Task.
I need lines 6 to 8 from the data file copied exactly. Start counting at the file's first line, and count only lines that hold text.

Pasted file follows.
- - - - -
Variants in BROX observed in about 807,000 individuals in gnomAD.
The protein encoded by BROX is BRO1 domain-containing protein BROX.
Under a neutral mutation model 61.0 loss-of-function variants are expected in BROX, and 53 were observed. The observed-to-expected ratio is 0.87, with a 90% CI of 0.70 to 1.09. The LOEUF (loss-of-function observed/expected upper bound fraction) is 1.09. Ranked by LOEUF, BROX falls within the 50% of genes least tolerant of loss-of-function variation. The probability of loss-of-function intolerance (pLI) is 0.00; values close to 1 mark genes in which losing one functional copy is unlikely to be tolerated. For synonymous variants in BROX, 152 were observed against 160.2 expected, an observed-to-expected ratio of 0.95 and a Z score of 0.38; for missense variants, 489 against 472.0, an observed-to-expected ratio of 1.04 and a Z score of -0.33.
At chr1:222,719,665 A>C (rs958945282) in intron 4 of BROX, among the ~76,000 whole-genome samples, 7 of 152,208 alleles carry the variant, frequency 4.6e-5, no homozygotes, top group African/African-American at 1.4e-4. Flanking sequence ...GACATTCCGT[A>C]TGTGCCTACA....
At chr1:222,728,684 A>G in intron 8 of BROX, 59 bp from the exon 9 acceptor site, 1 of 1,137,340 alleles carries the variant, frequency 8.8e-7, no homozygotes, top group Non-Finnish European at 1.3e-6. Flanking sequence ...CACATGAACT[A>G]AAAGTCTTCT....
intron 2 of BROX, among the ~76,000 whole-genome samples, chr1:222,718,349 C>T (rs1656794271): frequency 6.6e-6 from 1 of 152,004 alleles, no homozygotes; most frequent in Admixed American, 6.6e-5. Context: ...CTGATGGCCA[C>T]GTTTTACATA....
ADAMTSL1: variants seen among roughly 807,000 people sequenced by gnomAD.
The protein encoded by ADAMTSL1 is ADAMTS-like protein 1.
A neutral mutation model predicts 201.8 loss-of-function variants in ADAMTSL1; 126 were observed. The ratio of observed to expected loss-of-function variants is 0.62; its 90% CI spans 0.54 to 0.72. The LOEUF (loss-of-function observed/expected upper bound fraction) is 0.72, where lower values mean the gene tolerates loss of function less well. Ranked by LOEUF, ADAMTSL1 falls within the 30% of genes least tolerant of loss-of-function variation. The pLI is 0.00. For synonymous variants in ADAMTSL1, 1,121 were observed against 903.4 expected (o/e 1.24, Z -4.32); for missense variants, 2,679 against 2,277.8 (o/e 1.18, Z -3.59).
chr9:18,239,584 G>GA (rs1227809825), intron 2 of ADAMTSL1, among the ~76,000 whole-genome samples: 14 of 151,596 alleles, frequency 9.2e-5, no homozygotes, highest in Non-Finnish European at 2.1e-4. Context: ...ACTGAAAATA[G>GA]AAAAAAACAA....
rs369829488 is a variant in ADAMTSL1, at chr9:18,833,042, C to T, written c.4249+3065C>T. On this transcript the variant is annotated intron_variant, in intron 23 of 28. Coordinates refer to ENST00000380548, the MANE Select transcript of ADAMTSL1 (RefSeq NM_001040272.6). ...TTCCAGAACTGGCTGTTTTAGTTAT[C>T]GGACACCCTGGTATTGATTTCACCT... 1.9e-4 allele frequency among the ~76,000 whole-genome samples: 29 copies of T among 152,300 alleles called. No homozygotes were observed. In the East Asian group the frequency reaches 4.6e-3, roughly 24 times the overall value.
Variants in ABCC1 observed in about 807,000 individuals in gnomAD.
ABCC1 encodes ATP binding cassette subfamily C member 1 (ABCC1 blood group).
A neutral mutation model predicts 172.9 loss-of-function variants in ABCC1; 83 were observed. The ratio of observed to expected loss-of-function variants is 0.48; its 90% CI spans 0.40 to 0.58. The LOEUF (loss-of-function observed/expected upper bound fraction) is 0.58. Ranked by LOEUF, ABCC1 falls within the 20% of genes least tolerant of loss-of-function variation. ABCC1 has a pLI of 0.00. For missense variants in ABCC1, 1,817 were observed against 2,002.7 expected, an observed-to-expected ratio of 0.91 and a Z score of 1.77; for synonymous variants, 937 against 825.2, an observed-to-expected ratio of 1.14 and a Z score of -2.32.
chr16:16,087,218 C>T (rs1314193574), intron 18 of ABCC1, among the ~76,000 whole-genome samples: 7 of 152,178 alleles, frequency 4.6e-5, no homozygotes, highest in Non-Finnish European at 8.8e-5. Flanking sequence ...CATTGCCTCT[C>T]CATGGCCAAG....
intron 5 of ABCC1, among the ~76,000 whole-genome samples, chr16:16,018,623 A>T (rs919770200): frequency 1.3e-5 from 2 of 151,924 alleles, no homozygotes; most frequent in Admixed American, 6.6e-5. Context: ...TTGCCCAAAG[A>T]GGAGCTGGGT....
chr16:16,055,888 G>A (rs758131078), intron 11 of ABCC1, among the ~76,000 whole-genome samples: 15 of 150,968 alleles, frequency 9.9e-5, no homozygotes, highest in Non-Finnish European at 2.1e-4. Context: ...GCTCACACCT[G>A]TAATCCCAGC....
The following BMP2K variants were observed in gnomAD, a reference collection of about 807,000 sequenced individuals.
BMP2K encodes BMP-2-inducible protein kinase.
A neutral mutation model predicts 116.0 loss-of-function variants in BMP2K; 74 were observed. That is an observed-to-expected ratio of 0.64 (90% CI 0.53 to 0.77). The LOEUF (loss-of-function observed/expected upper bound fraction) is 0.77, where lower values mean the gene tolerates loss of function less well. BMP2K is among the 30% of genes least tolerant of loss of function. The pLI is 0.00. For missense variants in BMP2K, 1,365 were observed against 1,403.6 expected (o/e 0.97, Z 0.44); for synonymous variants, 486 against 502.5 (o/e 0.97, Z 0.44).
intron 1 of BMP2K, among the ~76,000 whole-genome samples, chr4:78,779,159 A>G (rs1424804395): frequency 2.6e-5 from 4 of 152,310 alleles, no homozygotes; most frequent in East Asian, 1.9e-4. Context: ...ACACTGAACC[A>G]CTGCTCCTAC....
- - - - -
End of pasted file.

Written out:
intron 2 of BROX, among the ~76,000 whole-genome samples, chr1:222,718,349 C>T (rs1656794271): frequency 6.6e-6 from 1 of 152,004 alleles, no homozygotes; most frequent in Admixed American, 6.6e-5. Context: ...CTGATGGCCA[C>T]GTTTTACATA....
ADAMTSL1: variants seen among roughly 807,000 people sequenced by gnomAD.
The protein encoded by ADAMTSL1 is ADAMTS-like protein 1.